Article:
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San Diego tightens regulations on beach yoga, sparking backlash from instructors

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Posted at 11:07 PM, May 12, 2024

SAN DIEGO (KGTV) — The City of San Diego is cracking down on free beach yoga classes, following recent revisions to the municipal code.

Amy Baack, a yoga instructor who has been leading free classes at Sunset Cliffs Natural Park for several years, faced disruption on Wednesday as park rangers shut down her class as it was beginning.

Baack and a group of instructors are pushing back, hoping that yoga activities will be allowed at Sunset Cliffs.

"It's an incredible space. I think it is one of the most unique spots in all of San Diego," she said.

Similarly, Jamie Inn, another yoga instructor, had to inform her class attendees of the cancellation of her session Sunday morning.

"We've all tried to spread the word that class has been canceled," Inn said, pointing out that several people stayed and did yoga on their own.

The City of San Diego is enforcing an ordinance it revised in March, primarily targeting compliance with sidewalk vending regulations. Officials laid out a permitting process, which dictates parks where people can hold classes. Sunset Cliffs, however, is not mentioned.

"I keep saying, I thought it was hot dog vendor, and all of a sudden, it's yoga teachers too, mom groups, and sign language classes in the park (that are restricted)," yoga instructor Jackie Kowalik said.

The yoga teachers said their classes are free, though attendees can donate if they want. They insist they aren't selling anything, and that their classes follow another rule under city code, being kept under 50 people.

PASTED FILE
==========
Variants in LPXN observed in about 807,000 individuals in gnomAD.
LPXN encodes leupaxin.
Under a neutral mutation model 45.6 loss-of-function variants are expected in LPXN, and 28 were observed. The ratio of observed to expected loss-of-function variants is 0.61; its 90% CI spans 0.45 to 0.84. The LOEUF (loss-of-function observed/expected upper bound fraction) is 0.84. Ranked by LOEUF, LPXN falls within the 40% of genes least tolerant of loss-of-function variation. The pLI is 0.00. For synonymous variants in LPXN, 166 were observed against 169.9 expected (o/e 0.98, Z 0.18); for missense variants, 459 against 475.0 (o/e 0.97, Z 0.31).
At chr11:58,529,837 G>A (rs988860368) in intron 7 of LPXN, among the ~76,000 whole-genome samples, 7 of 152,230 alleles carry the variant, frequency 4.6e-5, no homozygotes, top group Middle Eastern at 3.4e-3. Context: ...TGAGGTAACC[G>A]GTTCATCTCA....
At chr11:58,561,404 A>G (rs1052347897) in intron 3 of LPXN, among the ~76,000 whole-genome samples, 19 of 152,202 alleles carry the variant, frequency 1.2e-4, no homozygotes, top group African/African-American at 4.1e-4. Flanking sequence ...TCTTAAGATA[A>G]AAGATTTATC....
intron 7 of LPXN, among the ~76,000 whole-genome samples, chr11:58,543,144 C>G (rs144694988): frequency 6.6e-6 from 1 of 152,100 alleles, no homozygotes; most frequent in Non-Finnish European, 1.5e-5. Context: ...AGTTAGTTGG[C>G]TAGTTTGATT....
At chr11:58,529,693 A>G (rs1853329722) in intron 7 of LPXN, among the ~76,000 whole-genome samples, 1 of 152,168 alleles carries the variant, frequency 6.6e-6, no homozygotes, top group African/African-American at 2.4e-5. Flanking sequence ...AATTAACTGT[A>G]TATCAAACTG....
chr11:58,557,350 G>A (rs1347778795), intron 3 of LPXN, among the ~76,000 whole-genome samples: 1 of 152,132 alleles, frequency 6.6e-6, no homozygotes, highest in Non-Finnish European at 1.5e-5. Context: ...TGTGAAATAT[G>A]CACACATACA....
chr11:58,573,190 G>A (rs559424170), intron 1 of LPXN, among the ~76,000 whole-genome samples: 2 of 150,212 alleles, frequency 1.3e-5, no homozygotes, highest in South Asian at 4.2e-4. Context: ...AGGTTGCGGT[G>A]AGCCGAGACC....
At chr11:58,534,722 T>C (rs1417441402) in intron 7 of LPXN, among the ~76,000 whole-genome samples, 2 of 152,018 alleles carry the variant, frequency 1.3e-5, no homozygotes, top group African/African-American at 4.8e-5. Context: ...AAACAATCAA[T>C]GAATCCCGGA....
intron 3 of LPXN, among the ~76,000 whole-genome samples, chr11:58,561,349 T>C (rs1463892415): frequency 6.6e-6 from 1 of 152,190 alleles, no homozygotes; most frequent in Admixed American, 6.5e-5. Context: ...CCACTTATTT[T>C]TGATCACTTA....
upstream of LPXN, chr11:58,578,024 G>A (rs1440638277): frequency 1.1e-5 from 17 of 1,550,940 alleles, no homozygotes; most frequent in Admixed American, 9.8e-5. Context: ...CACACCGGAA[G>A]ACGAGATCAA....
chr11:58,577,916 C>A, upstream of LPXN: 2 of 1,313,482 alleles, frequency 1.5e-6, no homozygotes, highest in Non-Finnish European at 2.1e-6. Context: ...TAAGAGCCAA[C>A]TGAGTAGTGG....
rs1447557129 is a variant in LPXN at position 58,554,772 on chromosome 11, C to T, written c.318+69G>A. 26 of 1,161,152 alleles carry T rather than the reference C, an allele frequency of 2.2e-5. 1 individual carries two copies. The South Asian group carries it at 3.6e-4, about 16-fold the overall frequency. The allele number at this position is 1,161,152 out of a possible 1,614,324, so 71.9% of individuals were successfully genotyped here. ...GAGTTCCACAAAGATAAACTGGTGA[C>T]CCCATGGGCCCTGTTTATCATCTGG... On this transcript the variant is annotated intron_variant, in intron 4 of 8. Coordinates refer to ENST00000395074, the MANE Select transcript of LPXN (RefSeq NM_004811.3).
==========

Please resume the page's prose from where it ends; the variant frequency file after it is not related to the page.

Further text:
"We need support from our community to continue to advocate for our right to gather, for our right to honor this reciprocity with the land to speak our free speech," instructor Ray Pakif added.

In a statement, a spokesperson for the city told ABC 10News an activity with more than four people requires a permit.

"The City of San Diego’s Municipal Code prohibits groups consisting of four or more people engaged in commercial recreational activities like yoga, fitness classes and dog training from gathering in parks without a permit and can only operate in certain designated areas. Picnics and other gatherings of 50 or more also require a permit in parks, beaches and bay. The applicable municipal code (SDMC 63.0102) has been in effect since 1993, and recent updates to the policy have clarified the activities for which necessary permitting applies. These updates went into effect March 29 and are in place to ensure these public spaces remain safe and accessible to all users at all times. Park Rangers, police and lifeguards have the authority to enforce these codes to ensure public safety in San Diego’s parks and beaches."

But the instructors said there is no permit for Sunset Cliffs, where they conduct their sessions.

All four said they want to comply with the law but need the opportunity to get a permit.

They added that yoga is not their primary source of income, and the law is being used in the wrong way.

"It's really tragic that the city would take away the opportunity to come to a class for free, to be outside in a public park, and to enjoy nature. We are perfectly willing and ready to get a permit if the city would allow it," Baack said.

The instructors said they all carry their own liability insurance. They have spoken with a civil rights attorney and said they hope to speak with the city council about the ordinance soon.